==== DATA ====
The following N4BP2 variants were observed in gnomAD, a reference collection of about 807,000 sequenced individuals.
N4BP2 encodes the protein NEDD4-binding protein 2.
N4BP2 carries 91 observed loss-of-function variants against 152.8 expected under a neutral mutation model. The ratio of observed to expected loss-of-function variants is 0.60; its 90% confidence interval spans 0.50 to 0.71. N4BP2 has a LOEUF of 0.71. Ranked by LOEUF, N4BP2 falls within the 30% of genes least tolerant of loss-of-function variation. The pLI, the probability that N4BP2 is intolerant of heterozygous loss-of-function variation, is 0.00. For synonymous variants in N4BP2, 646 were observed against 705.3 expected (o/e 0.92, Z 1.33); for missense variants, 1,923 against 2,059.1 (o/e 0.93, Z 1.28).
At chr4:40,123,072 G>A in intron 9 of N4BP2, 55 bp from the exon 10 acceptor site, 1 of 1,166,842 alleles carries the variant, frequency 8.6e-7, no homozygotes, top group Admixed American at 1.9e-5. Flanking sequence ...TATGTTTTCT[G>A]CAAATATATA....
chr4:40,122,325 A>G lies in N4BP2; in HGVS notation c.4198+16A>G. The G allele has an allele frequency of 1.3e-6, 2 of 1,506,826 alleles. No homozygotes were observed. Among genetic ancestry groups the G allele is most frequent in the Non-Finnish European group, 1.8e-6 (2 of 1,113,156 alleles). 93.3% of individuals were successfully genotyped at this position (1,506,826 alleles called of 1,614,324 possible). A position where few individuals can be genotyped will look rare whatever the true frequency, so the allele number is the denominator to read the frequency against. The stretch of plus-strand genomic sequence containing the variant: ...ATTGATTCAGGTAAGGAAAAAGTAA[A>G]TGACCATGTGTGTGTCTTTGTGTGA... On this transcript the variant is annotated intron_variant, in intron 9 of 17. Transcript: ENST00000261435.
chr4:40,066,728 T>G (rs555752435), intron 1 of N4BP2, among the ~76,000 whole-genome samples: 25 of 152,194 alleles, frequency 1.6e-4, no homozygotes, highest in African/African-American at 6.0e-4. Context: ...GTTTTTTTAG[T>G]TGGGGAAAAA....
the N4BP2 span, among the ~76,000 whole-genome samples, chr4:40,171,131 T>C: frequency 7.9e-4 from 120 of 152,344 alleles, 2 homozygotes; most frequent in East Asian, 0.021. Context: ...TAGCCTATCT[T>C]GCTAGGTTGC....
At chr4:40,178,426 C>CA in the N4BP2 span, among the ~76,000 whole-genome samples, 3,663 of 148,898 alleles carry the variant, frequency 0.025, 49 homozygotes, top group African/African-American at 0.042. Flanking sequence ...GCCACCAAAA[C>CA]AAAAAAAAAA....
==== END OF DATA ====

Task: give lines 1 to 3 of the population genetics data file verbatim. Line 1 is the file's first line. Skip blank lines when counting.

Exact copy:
The following N4BP2 variants were observed in gnomAD, a reference collection of about 807,000 sequenced individuals.
N4BP2 encodes the protein NEDD4-binding protein 2.
N4BP2 carries 91 observed loss-of-function variants against 152.8 expected under a neutral mutation model. The ratio of observed to expected loss-of-function variants is 0.60; its 90% confidence interval spans 0.50 to 0.71. N4BP2 has a LOEUF of 0.71. Ranked by LOEUF, N4BP2 falls within the 30% of genes least tolerant of loss-of-function variation. The pLI, the probability that N4BP2 is intolerant of heterozygous loss-of-function variation, is 0.00. For synonymous variants in N4BP2, 646 were observed against 705.3 expected (o/e 0.92, Z 1.33); for missense variants, 1,923 against 2,059.1 (o/e 0.93, Z 1.28).